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Lecce’s eggplant parmigiana It was the dish for the Eve of St. Oronzo but made with an abundance of ingredients. It is extremely tasty and there are many different varieties by Dario Ersetti
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Lecce’s Eggplant Parmigiana. Photo by Dario Ersetti

     Coming up with the origins of the name isn’t easy. In regards to eggplant parmigiana, there does not seem to be any link to the city of Parma, directly or indirectly through parmesan cheese. It does not seem as if the name is derived from the Sicilian word “parmigiana” either, with its reference to the movable slats of window shutters. Because it is also out of the question that the word is a deformation of another name for eggplant which is “petronciana”, we can conclude that we are in deep trouble when trying to find out where the name came from.

     Lecce’s eggplant parmigiana is strongly tied to the traditions and lifestyle of the people of Salento and those from Lecce in particular. The festival for St. Oronzo, the patron saint of the city of Lecce, whose celebration falls on August 26th, is connected to ancient pagan festivals tied to the seasons: it is the end of summer and time to leave the seaside and return to the city, when Autumn starts and routine city life is taken up again.

     But if during the days of the festival it is customary to eat chicken, roasted or in ragù, for a practicing Catholic a vigil of penitence was the done thing. And for the Eve of St. Oronzo eggplant parmigiana was eaten, as it was just that; a dish for the vigil, made with an abundance of ingredients. Like baked pasta dishes, which are other typical dishes for religious festivals, as many ingredients as your budget (and religious restrictions) permitted were used: mozzarella or scamorza cheese, boiled eggs, parmesan cheese and even meatballs, mortadella and prosciutto. A key to evaluating Salento’s gastronomy is the phrase that you hear after someone has just asked for the ingredients of a dish: “Whatever you put in you find”. This means that single ingredients don’t get lost by being mixed: the scamorza retains its presence, just like the meatballs, etc.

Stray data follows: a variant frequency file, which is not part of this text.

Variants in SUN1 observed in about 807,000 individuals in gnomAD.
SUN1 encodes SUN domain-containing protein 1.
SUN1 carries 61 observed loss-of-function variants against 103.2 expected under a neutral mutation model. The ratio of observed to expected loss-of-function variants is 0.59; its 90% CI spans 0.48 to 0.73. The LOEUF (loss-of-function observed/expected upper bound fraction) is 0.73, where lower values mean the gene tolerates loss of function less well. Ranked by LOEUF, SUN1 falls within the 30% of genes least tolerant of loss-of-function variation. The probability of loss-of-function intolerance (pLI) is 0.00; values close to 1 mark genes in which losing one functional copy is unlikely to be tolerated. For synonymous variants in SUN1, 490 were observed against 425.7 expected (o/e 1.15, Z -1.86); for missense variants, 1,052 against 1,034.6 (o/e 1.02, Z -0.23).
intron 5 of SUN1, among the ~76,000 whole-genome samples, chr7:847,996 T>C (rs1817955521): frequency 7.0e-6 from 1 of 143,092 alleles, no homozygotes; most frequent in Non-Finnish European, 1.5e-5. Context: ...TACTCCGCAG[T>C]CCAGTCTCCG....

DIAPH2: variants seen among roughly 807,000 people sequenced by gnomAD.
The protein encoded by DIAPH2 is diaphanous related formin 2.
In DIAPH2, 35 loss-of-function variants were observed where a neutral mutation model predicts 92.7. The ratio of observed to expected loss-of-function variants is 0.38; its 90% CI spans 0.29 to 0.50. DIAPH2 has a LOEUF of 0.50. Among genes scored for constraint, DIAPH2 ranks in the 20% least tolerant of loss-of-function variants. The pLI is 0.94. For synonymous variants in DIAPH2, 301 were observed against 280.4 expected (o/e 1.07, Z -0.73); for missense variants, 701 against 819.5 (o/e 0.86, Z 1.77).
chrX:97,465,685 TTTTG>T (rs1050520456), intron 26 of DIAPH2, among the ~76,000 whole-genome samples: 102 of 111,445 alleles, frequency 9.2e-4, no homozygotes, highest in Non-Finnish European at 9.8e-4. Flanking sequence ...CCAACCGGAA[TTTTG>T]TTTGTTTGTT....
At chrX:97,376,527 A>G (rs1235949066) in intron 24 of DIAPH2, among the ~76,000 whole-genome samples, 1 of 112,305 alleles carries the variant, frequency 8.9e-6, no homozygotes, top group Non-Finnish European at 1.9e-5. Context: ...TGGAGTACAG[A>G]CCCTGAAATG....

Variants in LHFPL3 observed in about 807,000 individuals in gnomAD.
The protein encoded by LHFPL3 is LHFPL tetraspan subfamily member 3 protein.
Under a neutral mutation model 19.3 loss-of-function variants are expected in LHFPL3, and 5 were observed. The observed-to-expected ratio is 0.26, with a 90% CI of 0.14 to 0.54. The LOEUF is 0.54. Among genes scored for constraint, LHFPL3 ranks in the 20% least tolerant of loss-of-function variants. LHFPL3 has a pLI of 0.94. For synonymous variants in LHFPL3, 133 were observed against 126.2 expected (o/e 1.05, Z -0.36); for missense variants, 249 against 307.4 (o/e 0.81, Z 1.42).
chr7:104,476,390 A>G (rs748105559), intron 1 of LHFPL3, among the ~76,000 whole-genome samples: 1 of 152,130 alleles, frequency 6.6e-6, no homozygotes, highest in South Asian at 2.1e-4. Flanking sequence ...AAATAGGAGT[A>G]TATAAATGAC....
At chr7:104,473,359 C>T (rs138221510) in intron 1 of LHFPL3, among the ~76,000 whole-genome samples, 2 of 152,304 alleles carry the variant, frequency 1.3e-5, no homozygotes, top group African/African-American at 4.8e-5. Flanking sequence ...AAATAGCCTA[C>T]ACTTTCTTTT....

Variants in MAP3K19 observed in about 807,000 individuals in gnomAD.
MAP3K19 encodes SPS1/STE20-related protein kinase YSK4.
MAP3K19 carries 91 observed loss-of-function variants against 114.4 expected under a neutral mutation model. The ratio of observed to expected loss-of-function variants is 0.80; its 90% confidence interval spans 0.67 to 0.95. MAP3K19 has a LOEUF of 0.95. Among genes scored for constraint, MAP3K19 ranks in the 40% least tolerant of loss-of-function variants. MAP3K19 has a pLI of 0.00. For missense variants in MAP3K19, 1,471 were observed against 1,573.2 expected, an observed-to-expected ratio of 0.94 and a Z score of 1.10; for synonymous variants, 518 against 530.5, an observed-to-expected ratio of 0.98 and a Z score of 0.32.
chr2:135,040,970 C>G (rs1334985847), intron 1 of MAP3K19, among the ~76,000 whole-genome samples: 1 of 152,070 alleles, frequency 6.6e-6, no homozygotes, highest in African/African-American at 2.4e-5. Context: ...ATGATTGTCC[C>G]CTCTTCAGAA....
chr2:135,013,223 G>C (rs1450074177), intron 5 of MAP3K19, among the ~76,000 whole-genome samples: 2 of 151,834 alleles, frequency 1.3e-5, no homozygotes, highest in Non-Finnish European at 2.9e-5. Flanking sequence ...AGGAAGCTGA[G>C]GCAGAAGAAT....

A closing note: concerning eggplant, it has long been thought necessary to salt them before cooking in order to eliminate any bitterness. Good and essential advice in the past, but absolutely unnecessary and dangerous today, since modern eggplant is cultivated in different ways with a shorter growing season than in decades past. They do not need to be cooked for long and they are not bitter.

 

 

The recipe

 

8 servings:

 

- 1.5 kg of eggplant

- 3 eggs

- 150 g of flour

- 500 g of tomato

- 1/2 an onion

- 1 clove of garlic

- a few basil leaves

- 1/2 cup of oil

- 300 g of scamorza cheese

- 150 g of grated parmesan cheese

- salt to taste

- frying oil (preferably extra virgin olive oil)

 

     Prepare a sauce by sautéing the chopped onion and garlic and then adding the tomato; just before it finishes cooking, add the basil leaves and taste for salt.

      Slice the eggplant lengthwise into 1/2 cm thick slices, dip them in flour, then into the beaten egg mixture with a little salt and fry them in an abundance of oil.

     In a greased glass baking dish, put a ladleful of the tomato sauce and spread it around the bottom of the dish, add a layer of fried eggplant, sprinkle on top some grated parmesan cheese, then another ladleful of sauce, slices of scamorza, another layer of fried eggplant, and continue this process. Top off with tomato sauce. Bake at 180° C for approximately 40 minutes.

     This is the traditional Lecce recipe. One variation is to grill the eggplant instead of frying it. Another is to peel the eggplant and flour the slices with whole wheat flour, then dip them in the egg mixture, and re-flour them, which makes the eggplant taste like a baked pasta dish, as eggplant cooked in this manner is practically unrecognizable as eggplant. 

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